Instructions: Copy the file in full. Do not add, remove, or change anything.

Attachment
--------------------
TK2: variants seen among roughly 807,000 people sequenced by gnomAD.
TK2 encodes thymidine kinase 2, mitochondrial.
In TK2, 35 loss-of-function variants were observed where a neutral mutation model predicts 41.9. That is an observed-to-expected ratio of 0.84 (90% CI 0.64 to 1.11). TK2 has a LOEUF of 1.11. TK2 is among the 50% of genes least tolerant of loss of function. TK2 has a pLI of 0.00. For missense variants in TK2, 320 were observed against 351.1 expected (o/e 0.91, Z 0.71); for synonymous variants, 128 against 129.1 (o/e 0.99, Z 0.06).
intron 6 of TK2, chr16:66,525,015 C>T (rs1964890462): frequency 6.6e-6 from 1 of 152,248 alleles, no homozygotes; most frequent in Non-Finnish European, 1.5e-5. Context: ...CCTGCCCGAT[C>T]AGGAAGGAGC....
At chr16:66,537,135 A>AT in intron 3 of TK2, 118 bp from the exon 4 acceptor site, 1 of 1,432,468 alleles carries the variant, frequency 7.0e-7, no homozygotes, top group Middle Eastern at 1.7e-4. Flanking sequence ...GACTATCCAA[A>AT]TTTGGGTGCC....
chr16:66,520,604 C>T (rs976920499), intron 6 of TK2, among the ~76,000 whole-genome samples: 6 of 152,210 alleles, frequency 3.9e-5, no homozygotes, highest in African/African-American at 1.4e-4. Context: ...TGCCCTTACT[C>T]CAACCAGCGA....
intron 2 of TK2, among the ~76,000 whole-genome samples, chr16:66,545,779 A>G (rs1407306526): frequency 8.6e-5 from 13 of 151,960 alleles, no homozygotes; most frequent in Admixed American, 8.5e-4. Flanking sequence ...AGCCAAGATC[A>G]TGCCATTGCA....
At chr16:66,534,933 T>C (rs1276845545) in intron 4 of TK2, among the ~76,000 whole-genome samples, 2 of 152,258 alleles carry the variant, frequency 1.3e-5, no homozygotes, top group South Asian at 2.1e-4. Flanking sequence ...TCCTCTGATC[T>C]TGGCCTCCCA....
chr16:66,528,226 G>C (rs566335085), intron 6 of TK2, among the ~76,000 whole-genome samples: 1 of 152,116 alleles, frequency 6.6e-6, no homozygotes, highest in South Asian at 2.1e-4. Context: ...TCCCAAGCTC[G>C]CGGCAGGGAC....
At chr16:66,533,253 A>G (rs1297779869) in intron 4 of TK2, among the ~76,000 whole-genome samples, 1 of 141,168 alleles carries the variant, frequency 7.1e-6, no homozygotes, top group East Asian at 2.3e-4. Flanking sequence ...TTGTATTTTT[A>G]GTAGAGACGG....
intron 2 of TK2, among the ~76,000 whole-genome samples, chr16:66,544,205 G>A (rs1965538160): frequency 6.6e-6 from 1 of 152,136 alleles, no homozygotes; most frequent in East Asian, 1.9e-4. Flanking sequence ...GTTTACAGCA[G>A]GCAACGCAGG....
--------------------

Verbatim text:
TK2: variants seen among roughly 807,000 people sequenced by gnomAD.
TK2 encodes thymidine kinase 2, mitochondrial.
In TK2, 35 loss-of-function variants were observed where a neutral mutation model predicts 41.9. That is an observed-to-expected ratio of 0.84 (90% CI 0.64 to 1.11). TK2 has a LOEUF of 1.11. TK2 is among the 50% of genes least tolerant of loss of function. TK2 has a pLI of 0.00. For missense variants in TK2, 320 were observed against 351.1 expected (o/e 0.91, Z 0.71); for synonymous variants, 128 against 129.1 (o/e 0.99, Z 0.06).
intron 6 of TK2, chr16:66,525,015 C>T (rs1964890462): frequency 6.6e-6 from 1 of 152,248 alleles, no homozygotes; most frequent in Non-Finnish European, 1.5e-5. Context: ...CCTGCCCGAT[C>T]AGGAAGGAGC....
At chr16:66,537,135 A>AT in intron 3 of TK2, 118 bp from the exon 4 acceptor site, 1 of 1,432,468 alleles carries the variant, frequency 7.0e-7, no homozygotes, top group Middle Eastern at 1.7e-4. Flanking sequence ...GACTATCCAA[A>AT]TTTGGGTGCC....
chr16:66,520,604 C>T (rs976920499), intron 6 of TK2, among the ~76,000 whole-genome samples: 6 of 152,210 alleles, frequency 3.9e-5, no homozygotes, highest in African/African-American at 1.4e-4. Context: ...TGCCCTTACT[C>T]CAACCAGCGA....
intron 2 of TK2, among the ~76,000 whole-genome samples, chr16:66,545,779 A>G (rs1407306526): frequency 8.6e-5 from 13 of 151,960 alleles, no homozygotes; most frequent in Admixed American, 8.5e-4. Flanking sequence ...AGCCAAGATC[A>G]TGCCATTGCA....
At chr16:66,534,933 T>C (rs1276845545) in intron 4 of TK2, among the ~76,000 whole-genome samples, 2 of 152,258 alleles carry the variant, frequency 1.3e-5, no homozygotes, top group South Asian at 2.1e-4. Flanking sequence ...TCCTCTGATC[T>C]TGGCCTCCCA....
chr16:66,528,226 G>C (rs566335085), intron 6 of TK2, among the ~76,000 whole-genome samples: 1 of 152,116 alleles, frequency 6.6e-6, no homozygotes, highest in South Asian at 2.1e-4. Context: ...TCCCAAGCTC[G>C]CGGCAGGGAC....
At chr16:66,533,253 A>G (rs1297779869) in intron 4 of TK2, among the ~76,000 whole-genome samples, 1 of 141,168 alleles carries the variant, frequency 7.1e-6, no homozygotes, top group East Asian at 2.3e-4. Flanking sequence ...TTGTATTTTT[A>G]GTAGAGACGG....
intron 2 of TK2, among the ~76,000 whole-genome samples, chr16:66,544,205 G>A (rs1965538160): frequency 6.6e-6 from 1 of 152,136 alleles, no homozygotes; most frequent in East Asian, 1.9e-4. Flanking sequence ...GTTTACAGCA[G>A]GCAACGCAGG....